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Lemieux vs. O’Sullivan: There Will Be Blood

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There is not much to dislike about Gary “Spike” O’Sullivan. The bald and mustachioed O’Sullivan looks like his name and fights like an Irishman named “Spike.” He rarely backs up and just keeps coming and coming until he wears out his opponent. And he is willing to take two to give one as he did against Antoine Douglass (22-0-1 coming in) in December 2017. The Douglass win, a KO, gave Spike a regional title, but more importantly put him squarely in the mix of top contenders. In fact, he has joined the growing chorus of those who want to fight Gennady Golovkin—and the early retirement payday that could follow. If he beats David Lemieux on the undercard of the Canelo -GGG mega fight on September 15 at the T-Mobile Arena in Las Vegas, he just might get his chance, but that’s a big “if.”

Thus far, Spike’s only two losses have been to Chris Eubank Jr in 2015 and slick and tough Billy Joe Saunders in 2013. Since the Eubank loss, Spike (28-2) has won six straight, the last five by stoppage. When he KOd Melvin Betancourt in May 2015 in Boston, MA, the Dominican middleweight was 29-1. Today he is 29-6. Pleasing local Irish fans (and this writer), O’Sullivan has fought nine times in the Greater Boston area, bringing back memories of another tough Irish fighter by the name of Stevie Collins.

Lemieux

David Lemieux was also outboxed and shut down by Billy Joe Saunders in a clash of styles that favored Saunders. This time, the styles virtually guarantee a thriller for as long as it lasts. Lemieux (39-4) has 33 stoppage wins compared to Spike’s 20. His KO of Curtis Stevens still resonates as one of the more chilling one’s ever seen.

Unlike the globetrotting O’Sullivan, The popular Canadian fighter has done most of his work in Montreal but is 4-1 outside Canada losing his title to GGG at Madison Square Garden in October 2015. At stake in this one were the IBF, WBA, and interim WBC World Middleweight Titles. David was badly bloodied by Golovkin (then 33-0) but did not disgrace himself as he fought to win.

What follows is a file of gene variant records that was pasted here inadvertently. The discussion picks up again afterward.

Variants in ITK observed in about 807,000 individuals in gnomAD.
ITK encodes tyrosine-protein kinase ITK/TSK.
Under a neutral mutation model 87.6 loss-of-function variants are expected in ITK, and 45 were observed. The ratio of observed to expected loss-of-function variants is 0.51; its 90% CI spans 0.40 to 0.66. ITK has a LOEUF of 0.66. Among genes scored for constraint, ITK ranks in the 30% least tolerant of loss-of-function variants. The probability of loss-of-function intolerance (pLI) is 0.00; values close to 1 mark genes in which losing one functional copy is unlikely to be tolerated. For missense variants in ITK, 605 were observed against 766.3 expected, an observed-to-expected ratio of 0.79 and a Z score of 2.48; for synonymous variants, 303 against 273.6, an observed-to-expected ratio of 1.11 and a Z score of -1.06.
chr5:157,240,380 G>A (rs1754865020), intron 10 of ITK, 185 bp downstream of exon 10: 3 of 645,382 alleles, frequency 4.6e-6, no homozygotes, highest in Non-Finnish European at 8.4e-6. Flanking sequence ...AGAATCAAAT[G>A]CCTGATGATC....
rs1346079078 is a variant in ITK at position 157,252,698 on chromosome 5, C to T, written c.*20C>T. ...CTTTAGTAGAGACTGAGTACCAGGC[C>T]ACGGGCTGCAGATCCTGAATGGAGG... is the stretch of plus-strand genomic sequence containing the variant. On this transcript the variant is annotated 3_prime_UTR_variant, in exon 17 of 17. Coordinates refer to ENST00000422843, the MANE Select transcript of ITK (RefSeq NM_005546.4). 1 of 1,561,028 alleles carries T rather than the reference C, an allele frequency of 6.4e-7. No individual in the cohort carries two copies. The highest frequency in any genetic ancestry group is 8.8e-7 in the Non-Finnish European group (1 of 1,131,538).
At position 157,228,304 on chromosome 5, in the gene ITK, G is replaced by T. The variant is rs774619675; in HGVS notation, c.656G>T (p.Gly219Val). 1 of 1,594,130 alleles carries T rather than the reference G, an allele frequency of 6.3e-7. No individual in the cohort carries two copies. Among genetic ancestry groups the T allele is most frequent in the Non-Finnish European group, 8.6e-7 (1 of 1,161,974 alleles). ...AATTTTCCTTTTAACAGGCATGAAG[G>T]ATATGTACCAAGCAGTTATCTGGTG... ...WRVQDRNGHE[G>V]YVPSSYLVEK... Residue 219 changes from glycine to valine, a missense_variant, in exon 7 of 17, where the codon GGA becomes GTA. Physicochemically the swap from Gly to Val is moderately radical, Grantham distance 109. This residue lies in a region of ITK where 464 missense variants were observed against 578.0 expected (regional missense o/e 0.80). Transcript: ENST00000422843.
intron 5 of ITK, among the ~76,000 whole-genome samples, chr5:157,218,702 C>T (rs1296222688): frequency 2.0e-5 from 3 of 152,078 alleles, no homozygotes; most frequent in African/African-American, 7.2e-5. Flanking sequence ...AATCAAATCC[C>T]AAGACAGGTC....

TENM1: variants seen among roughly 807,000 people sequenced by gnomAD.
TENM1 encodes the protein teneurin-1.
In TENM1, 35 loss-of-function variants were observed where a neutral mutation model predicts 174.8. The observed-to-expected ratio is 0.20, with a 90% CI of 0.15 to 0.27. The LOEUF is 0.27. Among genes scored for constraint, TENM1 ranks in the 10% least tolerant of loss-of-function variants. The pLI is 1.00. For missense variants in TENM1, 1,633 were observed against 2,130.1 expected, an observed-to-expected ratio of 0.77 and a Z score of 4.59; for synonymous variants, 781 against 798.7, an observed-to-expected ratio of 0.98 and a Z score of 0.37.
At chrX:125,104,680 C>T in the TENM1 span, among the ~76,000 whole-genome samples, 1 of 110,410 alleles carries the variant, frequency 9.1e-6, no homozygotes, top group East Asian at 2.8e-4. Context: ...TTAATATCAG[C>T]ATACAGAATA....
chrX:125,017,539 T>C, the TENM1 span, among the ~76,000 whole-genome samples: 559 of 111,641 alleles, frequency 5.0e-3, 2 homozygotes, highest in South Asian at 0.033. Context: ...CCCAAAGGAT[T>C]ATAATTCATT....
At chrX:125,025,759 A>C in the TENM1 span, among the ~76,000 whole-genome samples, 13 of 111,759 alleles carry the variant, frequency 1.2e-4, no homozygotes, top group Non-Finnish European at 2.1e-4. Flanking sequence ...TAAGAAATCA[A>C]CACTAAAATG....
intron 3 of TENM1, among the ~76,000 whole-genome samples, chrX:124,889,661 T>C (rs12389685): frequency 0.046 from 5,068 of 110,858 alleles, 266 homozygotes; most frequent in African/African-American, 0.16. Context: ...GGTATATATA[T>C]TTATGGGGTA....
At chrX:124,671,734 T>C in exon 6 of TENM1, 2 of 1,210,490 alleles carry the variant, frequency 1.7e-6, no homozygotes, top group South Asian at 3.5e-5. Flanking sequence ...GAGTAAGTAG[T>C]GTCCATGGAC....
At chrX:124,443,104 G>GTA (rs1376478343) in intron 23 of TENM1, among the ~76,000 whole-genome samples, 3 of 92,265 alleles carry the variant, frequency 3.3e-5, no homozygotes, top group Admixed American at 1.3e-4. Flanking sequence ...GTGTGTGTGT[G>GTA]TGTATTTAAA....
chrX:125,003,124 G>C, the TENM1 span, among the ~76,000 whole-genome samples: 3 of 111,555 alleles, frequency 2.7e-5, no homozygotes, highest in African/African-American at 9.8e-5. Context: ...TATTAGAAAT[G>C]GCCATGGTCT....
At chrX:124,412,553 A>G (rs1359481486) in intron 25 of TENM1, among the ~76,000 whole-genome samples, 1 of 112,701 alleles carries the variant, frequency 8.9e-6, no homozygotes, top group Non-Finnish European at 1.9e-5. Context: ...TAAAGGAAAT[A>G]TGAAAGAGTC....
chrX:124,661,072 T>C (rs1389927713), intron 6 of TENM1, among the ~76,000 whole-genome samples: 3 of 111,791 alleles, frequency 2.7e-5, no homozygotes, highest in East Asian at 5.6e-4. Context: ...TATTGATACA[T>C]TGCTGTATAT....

David is a tremendously powerful puncher with either hand and begins the stalk as soon as the bell rings. But Spike also generally moves forward at the opening bell. Something has to give here and it just might give early on. Spike is no BJS and moving away and slipping punches is not his strong suit. But it’s not in Lemieux’s DNA either. This is almost guaranteed to be a spine tingling, all action thriller. Fans had better stay glued to the telecast.

Chocolatito

In addition to Lemieux-O’Sullivan, it appears that all-action fighter Roman “Chocolatito” Gonzalez (46-2) will also appear on the GGG/Canelo undercard, opposing Moises Fuentes (25-5-1). If so, this one will be over sooner rather than later. In fact, the promoters better have some solid fill-in fights on tap before the main event.

This is about as good as it gets; this is a boxing fan’s dream. Don’t miss it!

Ted Sares is one of the oldest active full power lifters and recently won the Maine State Champions in his class. A member of Ring 10, and Ring 4’s Boxing Hall of Fame, he was recently cited by Hannibal Boxing as one of three “Must-Read” boxing writers.

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Why Fury’s Bout with Pianeta is Bigger than Ever Imagined

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Artur Szpilka

Back in January of 2016, Tyson Fury got into the ring and upstaged him on live TV after he struggled with and eventually stopped Artur Szpilka in the ninth round. Now it’s being conveyed that WBC titlist Deontay Wilder will be ringside for Tyson Fury’s second comeback fight against Francesco Pianeta in Belfast Saturday night, and it’s expected that he’ll pay Fury back and get in the ring and upstage him and call him out.